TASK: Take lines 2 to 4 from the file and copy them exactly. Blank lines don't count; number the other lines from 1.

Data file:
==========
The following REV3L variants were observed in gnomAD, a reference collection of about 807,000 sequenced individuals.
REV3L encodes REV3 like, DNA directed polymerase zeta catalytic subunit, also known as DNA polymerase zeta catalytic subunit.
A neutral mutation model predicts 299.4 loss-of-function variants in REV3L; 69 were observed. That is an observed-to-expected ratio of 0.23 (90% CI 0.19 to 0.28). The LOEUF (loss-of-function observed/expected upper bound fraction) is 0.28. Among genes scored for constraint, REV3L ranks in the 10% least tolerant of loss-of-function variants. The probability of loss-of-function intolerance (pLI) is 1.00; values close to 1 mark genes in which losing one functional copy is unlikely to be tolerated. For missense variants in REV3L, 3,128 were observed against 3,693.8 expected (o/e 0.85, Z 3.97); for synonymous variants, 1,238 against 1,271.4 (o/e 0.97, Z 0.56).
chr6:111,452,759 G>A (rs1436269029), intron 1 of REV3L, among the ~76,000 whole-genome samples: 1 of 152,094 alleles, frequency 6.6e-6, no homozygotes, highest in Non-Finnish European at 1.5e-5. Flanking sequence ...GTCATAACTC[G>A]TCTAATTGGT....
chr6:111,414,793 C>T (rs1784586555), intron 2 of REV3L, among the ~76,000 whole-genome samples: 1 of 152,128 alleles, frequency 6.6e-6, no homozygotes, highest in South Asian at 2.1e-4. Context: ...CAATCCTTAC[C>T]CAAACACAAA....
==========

REV3L encodes REV3 like, DNA directed polymerase zeta catalytic subunit, also known as DNA polymerase zeta catalytic subunit.
A neutral mutation model predicts 299.4 loss-of-function variants in REV3L; 69 were observed. That is an observed-to-expected ratio of 0.23 (90% CI 0.19 to 0.28). The LOEUF (loss-of-function observed/expected upper bound fraction) is 0.28. Among genes scored for constraint, REV3L ranks in the 10% least tolerant of loss-of-function variants. The probability of loss-of-function intolerance (pLI) is 1.00; values close to 1 mark genes in which losing one functional copy is unlikely to be tolerated. For missense variants in REV3L, 3,128 were observed against 3,693.8 expected (o/e 0.85, Z 3.97); for synonymous variants, 1,238 against 1,271.4 (o/e 0.97, Z 0.56).
chr6:111,452,759 G>A (rs1436269029), intron 1 of REV3L, among the ~76,000 whole-genome samples: 1 of 152,094 alleles, frequency 6.6e-6, no homozygotes, highest in Non-Finnish European at 1.5e-5. Flanking sequence ...GTCATAACTC[G>A]TCTAATTGGT....